Posts Tagged ‘Catholic Church’

Philippine Leader Tells Police to Kill Only if Necessary in War on Drugs — Death of Kian Loyd Delos Santos May Change the Course… After 12,500 Wrongful Deaths: HOPE! — Time to Return to Rule of Law and Due Process

August 23, 2017

MANILA — Philippine President Rodrigo Duterte on Thursday backed police on the front lines of a war on drugs that he said would not cease, but warned officers their duty was to arrest suspects and kill only if their lives were in danger.

The firebrand leader, now facing the most intense scrutiny so far in his controversial but popular crackdown, said he could not justify last week’s high-profile killing of a high school student, and police responsible had not followed instructions and would face justice.

Though Duterte stood firmly behind a campaign that has killed thousands of mostly urban poor Filipinos, his remarks were a departure from the bellicose rhetoric that critics say has created a culture of impunity and emboldened police to execute suspects. Police reject that.

“You are not allowed to kill a person that is kneeling down begging for his life. That is murder,” Duterte said in a speech.

“When I say you get him, it includes doing the arresting and then if there is a violent resistance, they (police) have to defend themselves.”

Kian Loyd Delos Santos, 17, was among more than 90 people killed in three days of intensified police operations last week that marked the bloodiest chapter of a campaign that has alarmed the international community.

Security camera footage showed a man matching the victim’s description being dragged by plain-clothes police to an alley where he was found dead. Police said he was a drug courier, but his family insisted he was unarmed, innocent, and murdered.

His death has attracted huge domestic attention, with political opponents demanding the killings stop and some churches opposing the bloodshed and ringing bells at night in protest. Demonstrations have taken place, the latest a small rally outside police headquarters on Wednesday.

Duterte has repeatedly vowed to pardon police convicted of abuses during his anti-drug campaign, but on Wednesday he said there would be no protection for those who broke the rules of engagement.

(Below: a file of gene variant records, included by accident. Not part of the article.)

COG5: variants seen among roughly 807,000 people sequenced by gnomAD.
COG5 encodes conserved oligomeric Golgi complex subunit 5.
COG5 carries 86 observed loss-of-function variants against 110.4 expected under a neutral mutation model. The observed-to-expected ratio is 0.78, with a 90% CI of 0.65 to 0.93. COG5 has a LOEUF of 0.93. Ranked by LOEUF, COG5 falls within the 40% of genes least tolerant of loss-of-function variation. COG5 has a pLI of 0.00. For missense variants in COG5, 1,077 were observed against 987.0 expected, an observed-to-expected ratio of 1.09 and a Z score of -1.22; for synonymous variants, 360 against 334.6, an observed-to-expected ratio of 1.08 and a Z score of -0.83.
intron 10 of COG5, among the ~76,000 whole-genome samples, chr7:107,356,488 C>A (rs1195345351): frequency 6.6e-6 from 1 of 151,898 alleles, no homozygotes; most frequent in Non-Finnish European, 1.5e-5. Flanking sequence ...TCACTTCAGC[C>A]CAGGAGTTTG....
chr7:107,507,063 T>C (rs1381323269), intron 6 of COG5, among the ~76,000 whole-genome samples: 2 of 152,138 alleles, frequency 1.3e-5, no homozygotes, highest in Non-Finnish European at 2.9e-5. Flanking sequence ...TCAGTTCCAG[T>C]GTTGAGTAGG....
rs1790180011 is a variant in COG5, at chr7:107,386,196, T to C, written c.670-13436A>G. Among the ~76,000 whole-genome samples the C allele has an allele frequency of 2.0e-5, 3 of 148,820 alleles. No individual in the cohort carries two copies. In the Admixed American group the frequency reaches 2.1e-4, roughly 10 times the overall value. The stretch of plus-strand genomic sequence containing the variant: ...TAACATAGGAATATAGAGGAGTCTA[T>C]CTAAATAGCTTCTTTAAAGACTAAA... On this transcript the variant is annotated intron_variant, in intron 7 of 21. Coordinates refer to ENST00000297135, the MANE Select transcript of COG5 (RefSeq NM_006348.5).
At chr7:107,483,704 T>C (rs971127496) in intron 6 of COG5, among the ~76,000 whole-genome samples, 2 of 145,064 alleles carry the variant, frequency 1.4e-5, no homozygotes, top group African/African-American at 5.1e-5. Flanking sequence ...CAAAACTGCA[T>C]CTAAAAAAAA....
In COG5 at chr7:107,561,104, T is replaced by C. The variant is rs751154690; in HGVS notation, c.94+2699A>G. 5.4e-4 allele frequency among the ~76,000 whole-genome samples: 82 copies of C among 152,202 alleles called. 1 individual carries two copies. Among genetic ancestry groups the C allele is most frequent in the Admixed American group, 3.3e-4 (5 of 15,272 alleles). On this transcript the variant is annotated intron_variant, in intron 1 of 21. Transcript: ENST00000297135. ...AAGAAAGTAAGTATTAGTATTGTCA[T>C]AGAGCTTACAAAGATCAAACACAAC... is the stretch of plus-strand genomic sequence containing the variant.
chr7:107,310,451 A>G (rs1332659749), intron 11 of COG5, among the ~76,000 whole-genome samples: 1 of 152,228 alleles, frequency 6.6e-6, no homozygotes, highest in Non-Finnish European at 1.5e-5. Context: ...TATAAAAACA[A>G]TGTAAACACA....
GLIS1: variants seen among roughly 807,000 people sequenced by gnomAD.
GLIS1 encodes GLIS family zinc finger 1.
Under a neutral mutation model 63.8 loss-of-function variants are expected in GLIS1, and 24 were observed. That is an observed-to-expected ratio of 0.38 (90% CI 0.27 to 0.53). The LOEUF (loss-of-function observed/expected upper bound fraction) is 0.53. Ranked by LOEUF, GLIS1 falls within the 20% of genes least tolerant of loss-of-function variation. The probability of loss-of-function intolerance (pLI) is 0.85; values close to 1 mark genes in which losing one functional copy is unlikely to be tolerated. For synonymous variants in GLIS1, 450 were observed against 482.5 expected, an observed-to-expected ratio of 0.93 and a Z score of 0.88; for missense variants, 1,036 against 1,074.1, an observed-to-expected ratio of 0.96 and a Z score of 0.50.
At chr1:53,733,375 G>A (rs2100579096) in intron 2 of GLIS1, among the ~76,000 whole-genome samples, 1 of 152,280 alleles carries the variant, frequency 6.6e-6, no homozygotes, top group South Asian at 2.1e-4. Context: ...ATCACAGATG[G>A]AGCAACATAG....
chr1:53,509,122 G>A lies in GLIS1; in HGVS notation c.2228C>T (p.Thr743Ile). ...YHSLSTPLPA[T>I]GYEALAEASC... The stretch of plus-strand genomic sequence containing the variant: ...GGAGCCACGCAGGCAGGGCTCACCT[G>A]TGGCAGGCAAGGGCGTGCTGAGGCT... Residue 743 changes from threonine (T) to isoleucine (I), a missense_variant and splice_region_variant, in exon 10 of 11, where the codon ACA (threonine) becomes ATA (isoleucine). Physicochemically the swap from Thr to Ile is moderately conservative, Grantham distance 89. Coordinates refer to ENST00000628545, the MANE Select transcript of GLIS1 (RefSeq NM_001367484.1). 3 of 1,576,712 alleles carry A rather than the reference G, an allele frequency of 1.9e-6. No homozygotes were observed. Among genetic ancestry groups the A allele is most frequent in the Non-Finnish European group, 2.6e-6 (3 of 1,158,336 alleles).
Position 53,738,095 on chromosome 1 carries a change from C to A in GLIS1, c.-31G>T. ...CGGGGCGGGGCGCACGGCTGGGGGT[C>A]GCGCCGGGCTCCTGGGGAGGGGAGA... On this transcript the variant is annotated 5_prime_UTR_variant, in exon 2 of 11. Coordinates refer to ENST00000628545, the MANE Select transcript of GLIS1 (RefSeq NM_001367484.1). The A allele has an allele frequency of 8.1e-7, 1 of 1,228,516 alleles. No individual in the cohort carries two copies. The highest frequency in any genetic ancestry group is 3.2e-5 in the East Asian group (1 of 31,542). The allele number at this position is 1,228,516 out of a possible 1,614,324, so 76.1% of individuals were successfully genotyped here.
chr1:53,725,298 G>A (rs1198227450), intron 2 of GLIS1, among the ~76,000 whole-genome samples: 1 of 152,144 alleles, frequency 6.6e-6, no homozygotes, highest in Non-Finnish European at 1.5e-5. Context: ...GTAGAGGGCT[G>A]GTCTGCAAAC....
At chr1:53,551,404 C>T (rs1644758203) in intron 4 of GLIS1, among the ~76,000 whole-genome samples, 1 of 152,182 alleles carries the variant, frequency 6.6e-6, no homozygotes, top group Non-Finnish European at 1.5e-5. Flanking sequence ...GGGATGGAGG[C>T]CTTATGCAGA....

“Let us be clear on this. I said I will protect those who are doing their duty. I never promised to protect those who are supposedly engaged in doing their duty but committing a crime in the process,” he said, adding that abuses “cannot be done”.

Condemnation of Duterte’s 14-month-old war on drugs has come mainly from human rights groups, political opponents and foreign critics, with Filipinos largely supportive of the campaign, echoing the government view that the suppression of drugs use is making the streets safer.

Critics say that Duterte is turning a blind eye to systematic abuses and cover-ups with an unquestioning acceptance of an official police line that typically says those killed were drug dealers who had violently resisted arrest.

“I will not change my policy, there will be war on against drugs because I have to protect the people,” he said. “I have that sworn duty to defend the people and protect the republic.”

(For graphic on one time, big time” IMG, click

(Reporting by Martin Petty and Enrico dela Cruz; Editing by Nick Macfie)


Duterte: I never said cops should shoot suspects on their knees

President Rodrigo Roa Duterte, in an interview with the Malacañang Press Corps (MPC) at the Malago Clubhouse, Malacañang Park in Manila on August 21, 2017, announces that he is searching for a competent secretary who will replace former Social Welfare and Development Secretary Judy Taguiwalo. ROBINSON NIÑAL JR/PRESIDENTIAL PHOTO